Thursday, December 20, 2007

Megan McArdle versus the Ronulans

Apparently the best way to draw attention to your blog is to badmouth the gold standard, thus tempting the Ronulans to attack in force (some people just cannot escape those pesky orbital mind control lasers). A textbook example on how to enrage these idiots comes from Megan McArdle where she discusses an exchange between congressman Ron Paul and Fed Chair Ben Bernanke:
What Congressman Dr. Paul is saying doesn't make any particular sense; American consumers are not particularly suffering because of the decline of the dollar, the dollar is not declining because of Fed policy, and the Federal Reserve has nothing to do with a relative scarcity of oil and food, which is what is driving the CPI increases he complains about. If we were on the gold standard, oil and food would still be getting more expensive, and people on fixed incomes would still be feeling the pinch.
I think this all makes sense; making a sympathetic reading of her posts instead of blowing your top about them tends to help the reasoning sink in faster. Here's my analysis (admittedly a physicist's point of view) on the subject.
  • At any point in American history, there is a certain amount of suffering experienced by American consumers. I believe her point is that American consumers are not particularly suffering because of the decline of the dollar.


  • The dollar isn't declining because of Fed policy. The dollar is declining because of a decrease in the demand for dollars. Think of the case of China and the United States as an example. For years, China has been exporting anything that wasn't nailed down to the United States in exchange for dollars. China then loaned those dollars back to the United States in exchange for repayment with interest (i.e. more dollars). The United States was getting lots of cheap consumer goods, China was slowly dollarizing its economy, and life was good.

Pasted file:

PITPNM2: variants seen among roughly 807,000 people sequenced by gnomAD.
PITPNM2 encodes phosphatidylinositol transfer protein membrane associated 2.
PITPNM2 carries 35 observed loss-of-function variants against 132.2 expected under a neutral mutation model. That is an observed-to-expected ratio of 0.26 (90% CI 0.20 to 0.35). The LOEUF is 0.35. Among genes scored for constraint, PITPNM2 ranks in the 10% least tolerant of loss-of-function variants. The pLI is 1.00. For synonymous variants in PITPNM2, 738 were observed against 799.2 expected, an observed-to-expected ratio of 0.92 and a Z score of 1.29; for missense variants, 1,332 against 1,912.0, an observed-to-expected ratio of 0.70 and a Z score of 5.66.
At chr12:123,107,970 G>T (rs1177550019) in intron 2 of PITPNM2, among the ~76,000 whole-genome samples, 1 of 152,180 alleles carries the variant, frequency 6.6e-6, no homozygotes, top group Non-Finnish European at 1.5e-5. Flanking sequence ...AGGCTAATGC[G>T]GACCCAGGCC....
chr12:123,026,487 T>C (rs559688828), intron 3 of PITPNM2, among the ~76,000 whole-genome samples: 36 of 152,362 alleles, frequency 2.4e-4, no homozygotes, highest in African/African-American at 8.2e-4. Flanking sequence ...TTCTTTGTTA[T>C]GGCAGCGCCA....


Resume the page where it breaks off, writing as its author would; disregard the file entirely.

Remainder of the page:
Then the housing bubble burst. If we assume that Chinese investors with spare dollars formed the impression of greater risk associated with American investments, this would serve to deter them from investing their dollars in American investments. So what do they do with their spare dollars to make a profit? They buy American-made goods and resell them in China! So the supply of dollars is the same, but the demand for dollars has partially switched to a demand for American-made products. Thus, the dollar weakens without the Fed having been involved.


  • The Federal Reserve doesn't have anything to do with the relative scarcity of food and oil, unless you suspect that Ben Bernanke has a secret reservoir of oil wells and corn fields that nobody else knows about. You might want to double-check the magnetic permeability of your metallic head covering, just in case.

Megan McArdle reiterates this last point (my boldface):
How much of the higher price of gasoline is the Fed's fault?

To a first approximation, zero. Oil is priced in dollars in the international market. The falling dollar has no effect on the price of oil. And inflation is a tiny contributor to the huge increase in gasoline prices. The huge increase is due to the fact that a lot of people want to consume oil, but producers have been slow to supply additional quantities. When demand goes up and supply doesn't, prices rise.
You can read a dissenting view here.

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